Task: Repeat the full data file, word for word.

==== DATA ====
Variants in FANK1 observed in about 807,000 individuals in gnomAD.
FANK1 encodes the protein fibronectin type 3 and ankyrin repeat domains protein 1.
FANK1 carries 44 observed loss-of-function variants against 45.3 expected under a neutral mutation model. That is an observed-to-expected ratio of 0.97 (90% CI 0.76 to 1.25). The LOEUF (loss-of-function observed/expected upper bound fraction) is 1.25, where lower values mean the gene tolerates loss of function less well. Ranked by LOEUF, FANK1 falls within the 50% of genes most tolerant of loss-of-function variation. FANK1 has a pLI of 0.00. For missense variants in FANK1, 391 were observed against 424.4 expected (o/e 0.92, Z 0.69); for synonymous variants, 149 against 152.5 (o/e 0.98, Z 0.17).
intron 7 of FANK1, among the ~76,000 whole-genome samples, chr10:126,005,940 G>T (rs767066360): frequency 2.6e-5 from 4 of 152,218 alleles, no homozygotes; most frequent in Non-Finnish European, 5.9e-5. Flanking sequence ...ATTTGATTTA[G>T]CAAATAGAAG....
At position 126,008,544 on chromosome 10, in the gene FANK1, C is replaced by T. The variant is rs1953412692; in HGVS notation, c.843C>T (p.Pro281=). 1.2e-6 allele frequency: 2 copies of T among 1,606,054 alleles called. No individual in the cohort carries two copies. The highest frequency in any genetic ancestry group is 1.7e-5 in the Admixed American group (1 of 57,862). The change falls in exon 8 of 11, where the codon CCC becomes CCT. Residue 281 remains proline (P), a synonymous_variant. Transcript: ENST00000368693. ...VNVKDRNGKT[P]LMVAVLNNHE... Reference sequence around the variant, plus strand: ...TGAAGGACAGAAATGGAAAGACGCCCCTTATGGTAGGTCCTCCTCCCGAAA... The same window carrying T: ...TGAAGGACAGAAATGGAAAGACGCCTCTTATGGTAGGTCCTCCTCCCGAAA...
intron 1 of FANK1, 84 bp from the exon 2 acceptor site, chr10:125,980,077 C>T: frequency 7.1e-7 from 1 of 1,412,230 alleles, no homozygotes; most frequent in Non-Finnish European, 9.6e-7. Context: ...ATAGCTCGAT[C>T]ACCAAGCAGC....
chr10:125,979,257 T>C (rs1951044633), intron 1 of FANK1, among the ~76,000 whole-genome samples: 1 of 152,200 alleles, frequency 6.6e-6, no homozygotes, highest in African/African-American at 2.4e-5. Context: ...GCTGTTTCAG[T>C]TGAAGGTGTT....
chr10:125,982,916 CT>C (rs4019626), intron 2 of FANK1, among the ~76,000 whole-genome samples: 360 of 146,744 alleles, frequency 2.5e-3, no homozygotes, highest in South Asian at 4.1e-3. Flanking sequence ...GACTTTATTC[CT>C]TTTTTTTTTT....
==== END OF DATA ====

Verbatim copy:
Variants in FANK1 observed in about 807,000 individuals in gnomAD.
FANK1 encodes the protein fibronectin type 3 and ankyrin repeat domains protein 1.
FANK1 carries 44 observed loss-of-function variants against 45.3 expected under a neutral mutation model. That is an observed-to-expected ratio of 0.97 (90% CI 0.76 to 1.25). The LOEUF (loss-of-function observed/expected upper bound fraction) is 1.25, where lower values mean the gene tolerates loss of function less well. Ranked by LOEUF, FANK1 falls within the 50% of genes most tolerant of loss-of-function variation. FANK1 has a pLI of 0.00. For missense variants in FANK1, 391 were observed against 424.4 expected (o/e 0.92, Z 0.69); for synonymous variants, 149 against 152.5 (o/e 0.98, Z 0.17).
intron 7 of FANK1, among the ~76,000 whole-genome samples, chr10:126,005,940 G>T (rs767066360): frequency 2.6e-5 from 4 of 152,218 alleles, no homozygotes; most frequent in Non-Finnish European, 5.9e-5. Flanking sequence ...ATTTGATTTA[G>T]CAAATAGAAG....
At position 126,008,544 on chromosome 10, in the gene FANK1, C is replaced by T. The variant is rs1953412692; in HGVS notation, c.843C>T (p.Pro281=). 1.2e-6 allele frequency: 2 copies of T among 1,606,054 alleles called. No individual in the cohort carries two copies. The highest frequency in any genetic ancestry group is 1.7e-5 in the Admixed American group (1 of 57,862). The change falls in exon 8 of 11, where the codon CCC becomes CCT. Residue 281 remains proline (P), a synonymous_variant. Transcript: ENST00000368693. ...VNVKDRNGKT[P]LMVAVLNNHE... Reference sequence around the variant, plus strand: ...TGAAGGACAGAAATGGAAAGACGCCCCTTATGGTAGGTCCTCCTCCCGAAA... The same window carrying T: ...TGAAGGACAGAAATGGAAAGACGCCTCTTATGGTAGGTCCTCCTCCCGAAA...
intron 1 of FANK1, 84 bp from the exon 2 acceptor site, chr10:125,980,077 C>T: frequency 7.1e-7 from 1 of 1,412,230 alleles, no homozygotes; most frequent in Non-Finnish European, 9.6e-7. Context: ...ATAGCTCGAT[C>T]ACCAAGCAGC....
chr10:125,979,257 T>C (rs1951044633), intron 1 of FANK1, among the ~76,000 whole-genome samples: 1 of 152,200 alleles, frequency 6.6e-6, no homozygotes, highest in African/African-American at 2.4e-5. Context: ...GCTGTTTCAG[T>C]TGAAGGTGTT....
chr10:125,982,916 CT>C (rs4019626), intron 2 of FANK1, among the ~76,000 whole-genome samples: 360 of 146,744 alleles, frequency 2.5e-3, no homozygotes, highest in South Asian at 4.1e-3. Flanking sequence ...GACTTTATTC[CT>C]TTTTTTTTTT....